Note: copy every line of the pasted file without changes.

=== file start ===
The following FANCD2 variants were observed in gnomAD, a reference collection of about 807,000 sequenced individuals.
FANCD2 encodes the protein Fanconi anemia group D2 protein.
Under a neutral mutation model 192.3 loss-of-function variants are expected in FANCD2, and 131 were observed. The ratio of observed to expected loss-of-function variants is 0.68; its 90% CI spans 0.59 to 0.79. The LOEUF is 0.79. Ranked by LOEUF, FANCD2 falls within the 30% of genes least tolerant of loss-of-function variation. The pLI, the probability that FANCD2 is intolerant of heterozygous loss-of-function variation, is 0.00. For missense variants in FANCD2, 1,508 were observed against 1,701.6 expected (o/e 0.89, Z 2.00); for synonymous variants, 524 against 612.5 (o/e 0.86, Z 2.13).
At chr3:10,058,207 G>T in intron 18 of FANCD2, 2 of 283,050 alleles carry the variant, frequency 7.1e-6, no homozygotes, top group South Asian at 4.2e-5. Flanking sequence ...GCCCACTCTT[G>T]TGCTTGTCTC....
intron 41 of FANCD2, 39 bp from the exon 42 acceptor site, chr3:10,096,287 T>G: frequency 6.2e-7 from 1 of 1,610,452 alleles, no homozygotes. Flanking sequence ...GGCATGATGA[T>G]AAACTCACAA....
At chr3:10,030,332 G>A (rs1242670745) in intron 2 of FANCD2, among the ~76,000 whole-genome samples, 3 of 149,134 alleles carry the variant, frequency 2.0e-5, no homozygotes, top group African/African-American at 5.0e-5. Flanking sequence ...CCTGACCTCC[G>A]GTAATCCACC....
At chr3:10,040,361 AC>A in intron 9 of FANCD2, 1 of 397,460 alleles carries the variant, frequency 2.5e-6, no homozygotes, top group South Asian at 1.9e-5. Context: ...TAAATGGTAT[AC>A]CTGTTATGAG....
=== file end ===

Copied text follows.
The following FANCD2 variants were observed in gnomAD, a reference collection of about 807,000 sequenced individuals.
FANCD2 encodes the protein Fanconi anemia group D2 protein.
Under a neutral mutation model 192.3 loss-of-function variants are expected in FANCD2, and 131 were observed. The ratio of observed to expected loss-of-function variants is 0.68; its 90% CI spans 0.59 to 0.79. The LOEUF is 0.79. Ranked by LOEUF, FANCD2 falls within the 30% of genes least tolerant of loss-of-function variation. The pLI, the probability that FANCD2 is intolerant of heterozygous loss-of-function variation, is 0.00. For missense variants in FANCD2, 1,508 were observed against 1,701.6 expected (o/e 0.89, Z 2.00); for synonymous variants, 524 against 612.5 (o/e 0.86, Z 2.13).
At chr3:10,058,207 G>T in intron 18 of FANCD2, 2 of 283,050 alleles carry the variant, frequency 7.1e-6, no homozygotes, top group South Asian at 4.2e-5. Flanking sequence ...GCCCACTCTT[G>T]TGCTTGTCTC....
intron 41 of FANCD2, 39 bp from the exon 42 acceptor site, chr3:10,096,287 T>G: frequency 6.2e-7 from 1 of 1,610,452 alleles, no homozygotes. Flanking sequence ...GGCATGATGA[T>G]AAACTCACAA....
At chr3:10,030,332 G>A (rs1242670745) in intron 2 of FANCD2, among the ~76,000 whole-genome samples, 3 of 149,134 alleles carry the variant, frequency 2.0e-5, no homozygotes, top group African/African-American at 5.0e-5. Flanking sequence ...CCTGACCTCC[G>A]GTAATCCACC....
At chr3:10,040,361 AC>A in intron 9 of FANCD2, 1 of 397,460 alleles carries the variant, frequency 2.5e-6, no homozygotes, top group South Asian at 1.9e-5. Context: ...TAAATGGTAT[AC>A]CTGTTATGAG....